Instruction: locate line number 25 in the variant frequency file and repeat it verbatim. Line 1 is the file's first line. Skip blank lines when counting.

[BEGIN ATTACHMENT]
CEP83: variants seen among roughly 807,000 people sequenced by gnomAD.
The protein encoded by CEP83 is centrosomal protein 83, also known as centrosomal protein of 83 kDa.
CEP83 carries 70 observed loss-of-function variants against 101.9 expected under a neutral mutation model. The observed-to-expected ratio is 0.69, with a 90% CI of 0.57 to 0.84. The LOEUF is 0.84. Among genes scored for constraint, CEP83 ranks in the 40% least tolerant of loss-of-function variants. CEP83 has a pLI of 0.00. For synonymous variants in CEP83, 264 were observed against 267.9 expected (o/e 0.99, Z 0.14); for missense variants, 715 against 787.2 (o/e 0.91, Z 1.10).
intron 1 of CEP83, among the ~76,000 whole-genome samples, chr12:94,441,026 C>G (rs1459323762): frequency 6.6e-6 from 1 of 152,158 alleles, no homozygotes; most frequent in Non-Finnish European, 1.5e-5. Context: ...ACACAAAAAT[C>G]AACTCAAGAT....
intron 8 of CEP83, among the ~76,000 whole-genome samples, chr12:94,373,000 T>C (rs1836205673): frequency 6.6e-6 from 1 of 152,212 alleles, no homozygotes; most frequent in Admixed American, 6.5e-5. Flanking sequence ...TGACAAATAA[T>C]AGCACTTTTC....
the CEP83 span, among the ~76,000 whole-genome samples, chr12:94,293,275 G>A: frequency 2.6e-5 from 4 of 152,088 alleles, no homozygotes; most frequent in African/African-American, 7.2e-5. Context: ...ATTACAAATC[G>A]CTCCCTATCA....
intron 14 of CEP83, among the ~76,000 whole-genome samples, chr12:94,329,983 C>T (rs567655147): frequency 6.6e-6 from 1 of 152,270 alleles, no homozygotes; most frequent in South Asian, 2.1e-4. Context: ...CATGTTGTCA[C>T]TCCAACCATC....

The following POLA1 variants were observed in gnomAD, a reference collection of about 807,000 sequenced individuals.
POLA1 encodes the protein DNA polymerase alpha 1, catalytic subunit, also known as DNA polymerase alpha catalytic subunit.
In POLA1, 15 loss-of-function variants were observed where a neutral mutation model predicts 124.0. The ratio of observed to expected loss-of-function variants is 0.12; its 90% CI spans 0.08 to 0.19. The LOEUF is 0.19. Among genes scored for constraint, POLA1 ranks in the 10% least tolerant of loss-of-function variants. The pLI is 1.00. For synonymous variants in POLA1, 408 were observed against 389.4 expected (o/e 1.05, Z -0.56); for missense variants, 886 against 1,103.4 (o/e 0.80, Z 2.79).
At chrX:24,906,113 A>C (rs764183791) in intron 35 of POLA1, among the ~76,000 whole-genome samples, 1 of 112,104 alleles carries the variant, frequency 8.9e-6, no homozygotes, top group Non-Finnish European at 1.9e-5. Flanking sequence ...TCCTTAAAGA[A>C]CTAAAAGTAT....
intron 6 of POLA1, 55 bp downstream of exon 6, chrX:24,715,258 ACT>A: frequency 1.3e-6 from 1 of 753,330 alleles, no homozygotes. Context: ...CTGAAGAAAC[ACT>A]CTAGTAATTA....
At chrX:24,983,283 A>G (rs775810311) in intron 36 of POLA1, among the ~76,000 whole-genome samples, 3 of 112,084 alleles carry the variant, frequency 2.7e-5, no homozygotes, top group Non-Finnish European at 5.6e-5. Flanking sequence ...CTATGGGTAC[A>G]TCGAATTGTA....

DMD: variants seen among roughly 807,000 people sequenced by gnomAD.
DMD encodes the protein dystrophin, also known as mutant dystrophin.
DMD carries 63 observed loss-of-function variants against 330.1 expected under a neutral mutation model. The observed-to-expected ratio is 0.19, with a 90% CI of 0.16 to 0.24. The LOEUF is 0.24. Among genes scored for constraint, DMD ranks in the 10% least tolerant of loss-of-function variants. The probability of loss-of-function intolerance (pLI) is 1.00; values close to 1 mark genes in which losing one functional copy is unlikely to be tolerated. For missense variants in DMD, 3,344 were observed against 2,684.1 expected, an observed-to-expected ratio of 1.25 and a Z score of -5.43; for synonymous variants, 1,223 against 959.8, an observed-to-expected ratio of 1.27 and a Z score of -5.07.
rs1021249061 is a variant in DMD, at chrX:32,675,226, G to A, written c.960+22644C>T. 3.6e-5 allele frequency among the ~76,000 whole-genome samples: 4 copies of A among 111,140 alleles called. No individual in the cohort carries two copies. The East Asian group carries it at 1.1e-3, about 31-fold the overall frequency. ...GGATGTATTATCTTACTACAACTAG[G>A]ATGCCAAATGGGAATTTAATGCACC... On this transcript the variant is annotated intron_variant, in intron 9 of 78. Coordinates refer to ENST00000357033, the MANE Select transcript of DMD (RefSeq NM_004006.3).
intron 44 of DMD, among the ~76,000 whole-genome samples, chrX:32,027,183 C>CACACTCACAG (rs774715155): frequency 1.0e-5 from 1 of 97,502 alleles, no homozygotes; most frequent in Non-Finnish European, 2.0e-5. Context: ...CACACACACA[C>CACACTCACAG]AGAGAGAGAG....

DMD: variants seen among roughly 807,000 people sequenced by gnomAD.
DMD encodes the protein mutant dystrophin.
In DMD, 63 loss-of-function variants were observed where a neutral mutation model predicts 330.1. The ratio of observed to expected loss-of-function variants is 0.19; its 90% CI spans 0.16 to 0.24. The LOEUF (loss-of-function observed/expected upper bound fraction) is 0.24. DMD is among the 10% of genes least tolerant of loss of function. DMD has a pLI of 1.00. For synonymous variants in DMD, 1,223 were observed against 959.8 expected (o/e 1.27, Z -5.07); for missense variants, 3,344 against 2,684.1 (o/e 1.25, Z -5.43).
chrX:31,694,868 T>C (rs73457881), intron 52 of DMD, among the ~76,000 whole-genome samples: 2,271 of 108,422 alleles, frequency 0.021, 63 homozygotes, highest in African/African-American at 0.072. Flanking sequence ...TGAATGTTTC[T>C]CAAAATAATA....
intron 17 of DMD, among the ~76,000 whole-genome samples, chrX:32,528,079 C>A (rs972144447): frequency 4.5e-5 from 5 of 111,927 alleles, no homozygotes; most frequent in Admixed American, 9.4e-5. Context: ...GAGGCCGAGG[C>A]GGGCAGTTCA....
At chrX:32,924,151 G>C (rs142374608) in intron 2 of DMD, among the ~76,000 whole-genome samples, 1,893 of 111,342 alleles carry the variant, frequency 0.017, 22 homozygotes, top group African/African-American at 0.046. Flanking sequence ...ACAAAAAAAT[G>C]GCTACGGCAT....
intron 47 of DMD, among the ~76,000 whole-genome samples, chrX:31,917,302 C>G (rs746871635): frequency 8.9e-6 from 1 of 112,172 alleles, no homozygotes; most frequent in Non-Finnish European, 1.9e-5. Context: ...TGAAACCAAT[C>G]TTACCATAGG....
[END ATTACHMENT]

intron 47 of DMD, among the ~76,000 whole-genome samples, chrX:31,917,302 C>G (rs746871635): frequency 8.9e-6 from 1 of 112,172 alleles, no homozygotes; most frequent in Non-Finnish European, 1.9e-5. Context: ...TGAAACCAAT[C>G]TTACCATAGG....